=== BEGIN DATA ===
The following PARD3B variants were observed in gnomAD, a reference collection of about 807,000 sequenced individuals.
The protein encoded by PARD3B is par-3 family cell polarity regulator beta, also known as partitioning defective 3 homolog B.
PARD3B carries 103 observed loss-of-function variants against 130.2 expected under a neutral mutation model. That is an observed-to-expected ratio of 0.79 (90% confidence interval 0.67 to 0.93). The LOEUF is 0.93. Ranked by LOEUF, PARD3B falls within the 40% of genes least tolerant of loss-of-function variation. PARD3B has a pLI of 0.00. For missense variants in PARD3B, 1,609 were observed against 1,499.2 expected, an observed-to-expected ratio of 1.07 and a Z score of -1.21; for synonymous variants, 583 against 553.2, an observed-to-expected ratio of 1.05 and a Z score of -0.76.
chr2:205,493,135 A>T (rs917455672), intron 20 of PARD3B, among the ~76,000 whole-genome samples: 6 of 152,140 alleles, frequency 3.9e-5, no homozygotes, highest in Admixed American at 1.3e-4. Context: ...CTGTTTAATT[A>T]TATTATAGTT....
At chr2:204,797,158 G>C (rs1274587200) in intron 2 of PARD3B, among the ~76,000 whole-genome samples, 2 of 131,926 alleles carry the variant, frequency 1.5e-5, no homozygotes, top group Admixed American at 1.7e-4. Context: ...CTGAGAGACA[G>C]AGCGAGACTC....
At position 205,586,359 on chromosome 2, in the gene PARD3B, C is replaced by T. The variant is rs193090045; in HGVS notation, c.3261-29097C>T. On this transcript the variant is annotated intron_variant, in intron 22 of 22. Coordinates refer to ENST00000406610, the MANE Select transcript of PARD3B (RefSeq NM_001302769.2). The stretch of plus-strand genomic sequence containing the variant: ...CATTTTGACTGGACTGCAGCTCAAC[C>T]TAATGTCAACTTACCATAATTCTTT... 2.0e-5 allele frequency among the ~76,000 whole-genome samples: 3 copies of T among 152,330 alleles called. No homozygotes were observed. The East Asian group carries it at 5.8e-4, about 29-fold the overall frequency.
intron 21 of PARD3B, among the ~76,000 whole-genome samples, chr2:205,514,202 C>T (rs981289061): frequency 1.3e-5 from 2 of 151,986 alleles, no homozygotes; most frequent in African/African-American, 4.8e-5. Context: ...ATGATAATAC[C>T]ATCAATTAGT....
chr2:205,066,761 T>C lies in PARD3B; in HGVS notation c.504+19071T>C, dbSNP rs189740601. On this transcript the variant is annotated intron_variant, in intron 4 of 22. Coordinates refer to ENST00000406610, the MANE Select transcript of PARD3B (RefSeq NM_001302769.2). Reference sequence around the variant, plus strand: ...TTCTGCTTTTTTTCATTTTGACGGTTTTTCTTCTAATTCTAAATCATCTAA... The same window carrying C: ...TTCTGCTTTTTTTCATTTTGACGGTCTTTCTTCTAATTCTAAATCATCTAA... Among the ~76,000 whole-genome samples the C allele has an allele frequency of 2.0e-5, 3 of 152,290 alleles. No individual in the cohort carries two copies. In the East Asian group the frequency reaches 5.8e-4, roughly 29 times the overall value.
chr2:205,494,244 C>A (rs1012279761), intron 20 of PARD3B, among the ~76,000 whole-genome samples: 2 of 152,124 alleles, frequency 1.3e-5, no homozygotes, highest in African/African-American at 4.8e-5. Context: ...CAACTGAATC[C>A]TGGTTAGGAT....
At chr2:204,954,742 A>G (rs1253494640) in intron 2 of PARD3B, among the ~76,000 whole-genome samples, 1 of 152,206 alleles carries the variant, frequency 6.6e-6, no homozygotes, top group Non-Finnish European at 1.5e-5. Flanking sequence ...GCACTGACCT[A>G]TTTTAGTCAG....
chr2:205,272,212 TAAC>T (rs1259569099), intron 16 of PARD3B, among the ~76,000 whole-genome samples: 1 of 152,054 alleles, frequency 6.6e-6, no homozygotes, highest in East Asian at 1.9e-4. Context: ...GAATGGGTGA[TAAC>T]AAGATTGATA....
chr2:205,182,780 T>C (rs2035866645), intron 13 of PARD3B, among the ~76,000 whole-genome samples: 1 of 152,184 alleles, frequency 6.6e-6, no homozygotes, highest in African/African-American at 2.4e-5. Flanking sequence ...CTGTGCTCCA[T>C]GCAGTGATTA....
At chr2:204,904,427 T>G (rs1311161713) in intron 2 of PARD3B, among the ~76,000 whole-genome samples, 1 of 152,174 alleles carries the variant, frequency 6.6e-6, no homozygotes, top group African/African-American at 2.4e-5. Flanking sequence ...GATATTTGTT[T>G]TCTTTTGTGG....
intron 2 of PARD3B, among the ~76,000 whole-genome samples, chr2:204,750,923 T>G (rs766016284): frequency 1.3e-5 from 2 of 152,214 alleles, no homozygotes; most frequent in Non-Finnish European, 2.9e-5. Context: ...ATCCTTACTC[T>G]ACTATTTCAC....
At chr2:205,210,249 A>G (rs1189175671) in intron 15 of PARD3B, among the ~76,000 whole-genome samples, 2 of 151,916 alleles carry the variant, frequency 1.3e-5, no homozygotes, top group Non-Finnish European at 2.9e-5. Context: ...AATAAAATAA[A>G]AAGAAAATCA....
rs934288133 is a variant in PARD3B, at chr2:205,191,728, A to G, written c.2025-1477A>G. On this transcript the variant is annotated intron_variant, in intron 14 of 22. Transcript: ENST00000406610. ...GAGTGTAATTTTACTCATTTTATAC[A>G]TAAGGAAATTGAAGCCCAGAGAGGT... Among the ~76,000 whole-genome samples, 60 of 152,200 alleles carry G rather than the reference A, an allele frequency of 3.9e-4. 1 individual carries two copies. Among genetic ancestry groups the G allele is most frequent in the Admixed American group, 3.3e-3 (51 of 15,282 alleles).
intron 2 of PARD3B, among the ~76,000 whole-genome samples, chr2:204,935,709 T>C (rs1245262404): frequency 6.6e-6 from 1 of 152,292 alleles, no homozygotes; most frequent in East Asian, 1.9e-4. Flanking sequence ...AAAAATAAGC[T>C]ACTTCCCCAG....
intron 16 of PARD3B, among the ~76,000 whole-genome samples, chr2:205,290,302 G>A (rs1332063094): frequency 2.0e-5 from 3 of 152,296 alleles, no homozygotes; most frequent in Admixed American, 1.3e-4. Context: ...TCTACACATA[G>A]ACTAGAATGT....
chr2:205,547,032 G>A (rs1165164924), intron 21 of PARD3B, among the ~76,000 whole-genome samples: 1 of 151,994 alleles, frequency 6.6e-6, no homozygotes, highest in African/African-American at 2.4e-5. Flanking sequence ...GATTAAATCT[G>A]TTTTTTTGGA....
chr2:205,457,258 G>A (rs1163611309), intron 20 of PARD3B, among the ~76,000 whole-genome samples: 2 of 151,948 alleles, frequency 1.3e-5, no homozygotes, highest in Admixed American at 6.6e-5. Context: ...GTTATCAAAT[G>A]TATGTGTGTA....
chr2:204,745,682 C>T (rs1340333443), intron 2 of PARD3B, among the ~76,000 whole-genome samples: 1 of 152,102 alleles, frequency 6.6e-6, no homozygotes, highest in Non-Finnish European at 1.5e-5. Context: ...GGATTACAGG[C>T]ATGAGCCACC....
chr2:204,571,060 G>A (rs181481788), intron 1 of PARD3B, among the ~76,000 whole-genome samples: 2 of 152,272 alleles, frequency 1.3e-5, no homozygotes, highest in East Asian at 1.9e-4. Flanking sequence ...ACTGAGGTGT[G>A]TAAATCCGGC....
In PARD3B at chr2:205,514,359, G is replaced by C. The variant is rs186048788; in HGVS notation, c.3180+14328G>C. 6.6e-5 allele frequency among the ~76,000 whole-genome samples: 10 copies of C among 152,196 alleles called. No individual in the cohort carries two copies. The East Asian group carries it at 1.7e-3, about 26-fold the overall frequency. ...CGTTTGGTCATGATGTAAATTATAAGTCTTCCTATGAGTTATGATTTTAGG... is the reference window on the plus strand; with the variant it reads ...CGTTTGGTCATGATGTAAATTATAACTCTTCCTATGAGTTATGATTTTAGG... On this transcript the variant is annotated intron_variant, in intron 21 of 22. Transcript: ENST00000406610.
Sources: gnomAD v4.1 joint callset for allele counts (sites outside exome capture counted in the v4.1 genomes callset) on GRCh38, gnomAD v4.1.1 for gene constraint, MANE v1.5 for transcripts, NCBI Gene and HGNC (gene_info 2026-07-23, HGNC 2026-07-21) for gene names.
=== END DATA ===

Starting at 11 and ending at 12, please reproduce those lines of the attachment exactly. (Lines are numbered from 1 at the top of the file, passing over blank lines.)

chr2:205,272,212 TAAC>T (rs1259569099), intron 16 of PARD3B, among the ~76,000 whole-genome samples: 1 of 152,054 alleles, frequency 6.6e-6, no homozygotes, highest in East Asian at 1.9e-4. Context: ...GAATGGGTGA[TAAC>T]AAGATTGATA....
chr2:205,182,780 T>C (rs2035866645), intron 13 of PARD3B, among the ~76,000 whole-genome samples: 1 of 152,184 alleles, frequency 6.6e-6, no homozygotes, highest in African/African-American at 2.4e-5. Flanking sequence ...CTGTGCTCCA[T>C]GCAGTGATTA....